East Side Story: Hal Prince’s Theatrical $21 M. Townhouse Finds a Buyer

The double-height living room with bookshelves illuminated for better browsing.

The double-height living room with bookshelves illuminated for better browsing.

And… scene! The eclectically-decorated townhouse of Broadway legend Hal Prince may not suit all tastes—although with zigzags, polka dots, stripes, cheetah print, florals, blood red carpet and even what appears to be some interior astroturf, the home certainly has something for everyone—but it has won the heart of a buyer.

The Georgian-style townhouse at 48 East 74th, which was more recently asking $19.95 million, is in contract, The Observer has learned. For how much, we cannot say, as Brown Harris Stevens broker Paula Del Nunzio would not divulge any details when we called her for comment. But if Mr. Prince even gets close to his ask, he will have a success on the level of one of his Broadway smash hits (among them Phantom of the Opera and West Side Story) given that he paid a mere $12.5 million for the place when he bought it back in 2009. (Only in Manhattan could $12.5 million be preceded by a mere.)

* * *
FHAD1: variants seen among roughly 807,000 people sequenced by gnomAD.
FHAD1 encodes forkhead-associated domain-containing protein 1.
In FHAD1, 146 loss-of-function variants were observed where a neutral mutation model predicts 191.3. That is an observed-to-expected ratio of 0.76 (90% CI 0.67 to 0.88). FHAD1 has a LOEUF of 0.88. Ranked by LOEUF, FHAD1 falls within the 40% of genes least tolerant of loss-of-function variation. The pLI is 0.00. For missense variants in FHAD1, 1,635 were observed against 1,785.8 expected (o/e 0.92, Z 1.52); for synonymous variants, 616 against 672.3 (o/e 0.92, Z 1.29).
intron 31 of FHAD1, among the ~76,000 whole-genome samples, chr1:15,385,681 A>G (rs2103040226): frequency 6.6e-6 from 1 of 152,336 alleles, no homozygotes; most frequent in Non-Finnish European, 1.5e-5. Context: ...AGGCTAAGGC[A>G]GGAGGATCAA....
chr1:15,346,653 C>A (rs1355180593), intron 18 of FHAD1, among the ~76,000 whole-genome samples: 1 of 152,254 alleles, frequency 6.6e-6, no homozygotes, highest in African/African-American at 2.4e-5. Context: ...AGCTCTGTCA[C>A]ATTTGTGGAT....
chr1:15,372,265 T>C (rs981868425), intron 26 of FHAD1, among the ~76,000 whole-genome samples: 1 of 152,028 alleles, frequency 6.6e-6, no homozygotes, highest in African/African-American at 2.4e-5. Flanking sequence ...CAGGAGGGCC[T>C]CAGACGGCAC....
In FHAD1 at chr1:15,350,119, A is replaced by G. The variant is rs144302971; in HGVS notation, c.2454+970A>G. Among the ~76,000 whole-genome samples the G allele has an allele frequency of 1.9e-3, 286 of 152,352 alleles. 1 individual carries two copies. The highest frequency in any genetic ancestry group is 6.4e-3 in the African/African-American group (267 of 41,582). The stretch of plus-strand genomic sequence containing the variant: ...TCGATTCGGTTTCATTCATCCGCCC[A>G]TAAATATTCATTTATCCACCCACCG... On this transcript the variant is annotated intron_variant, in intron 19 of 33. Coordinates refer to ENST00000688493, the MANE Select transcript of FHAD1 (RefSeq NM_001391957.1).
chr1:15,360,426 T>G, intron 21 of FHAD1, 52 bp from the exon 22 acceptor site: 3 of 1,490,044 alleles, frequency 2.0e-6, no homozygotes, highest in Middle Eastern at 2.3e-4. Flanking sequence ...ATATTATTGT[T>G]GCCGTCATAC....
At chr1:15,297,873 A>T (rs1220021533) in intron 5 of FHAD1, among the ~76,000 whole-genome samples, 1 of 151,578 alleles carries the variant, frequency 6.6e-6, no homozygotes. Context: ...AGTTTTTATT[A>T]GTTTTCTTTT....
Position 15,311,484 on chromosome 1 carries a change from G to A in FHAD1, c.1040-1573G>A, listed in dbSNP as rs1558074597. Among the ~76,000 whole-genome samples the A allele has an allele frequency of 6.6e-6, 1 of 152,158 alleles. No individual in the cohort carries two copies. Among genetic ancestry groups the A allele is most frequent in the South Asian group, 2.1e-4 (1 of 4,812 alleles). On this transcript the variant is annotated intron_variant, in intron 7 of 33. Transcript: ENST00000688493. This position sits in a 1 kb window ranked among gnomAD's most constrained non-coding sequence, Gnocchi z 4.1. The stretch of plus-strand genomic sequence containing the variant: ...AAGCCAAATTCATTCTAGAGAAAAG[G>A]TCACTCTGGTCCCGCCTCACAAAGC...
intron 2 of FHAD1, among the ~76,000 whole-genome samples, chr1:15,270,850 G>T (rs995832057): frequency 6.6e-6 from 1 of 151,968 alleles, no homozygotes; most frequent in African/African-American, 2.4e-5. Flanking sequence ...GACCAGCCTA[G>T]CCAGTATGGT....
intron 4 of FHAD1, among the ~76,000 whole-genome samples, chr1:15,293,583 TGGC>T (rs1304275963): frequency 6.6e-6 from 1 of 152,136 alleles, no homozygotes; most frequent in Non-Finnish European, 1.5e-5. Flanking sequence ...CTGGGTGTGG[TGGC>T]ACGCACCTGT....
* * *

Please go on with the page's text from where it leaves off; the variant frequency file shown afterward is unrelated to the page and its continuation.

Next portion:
Back when Mr. Prince and wife Judy took possession of the property, it was a tasteful but rather bland contemporary space. Seeing that 7,375 square feet of bland space (with an additional 2,000-square-foot basement) was a real snooze, the couple did the place up in a more exciting fashion.

Red and green.

And now check it out from this Busby Berkeley-like angle.

First listed in November with Fox Residential for $22 million, Mr. Prince decided to switch brokers in March. Clearly, he was eager to get this show on the road. And the house is not only unusual when it comes to decoration—the double-height living room has 20-foot ceilings and a central atrium that floods it with light. As Ms. Del Nunzio writes in the listing, “its creative space demonstrates that impossibly difficult ideas are the best ideas.”

Mr. Prince’s career proves that point and now, we guess, his townhouse has, too. (Though we’ve heard rumors that the buyer is planning to renovate the house completely.) And as for the somewhat outré decor, why bother to hire a stager when your life’s work is the stage?

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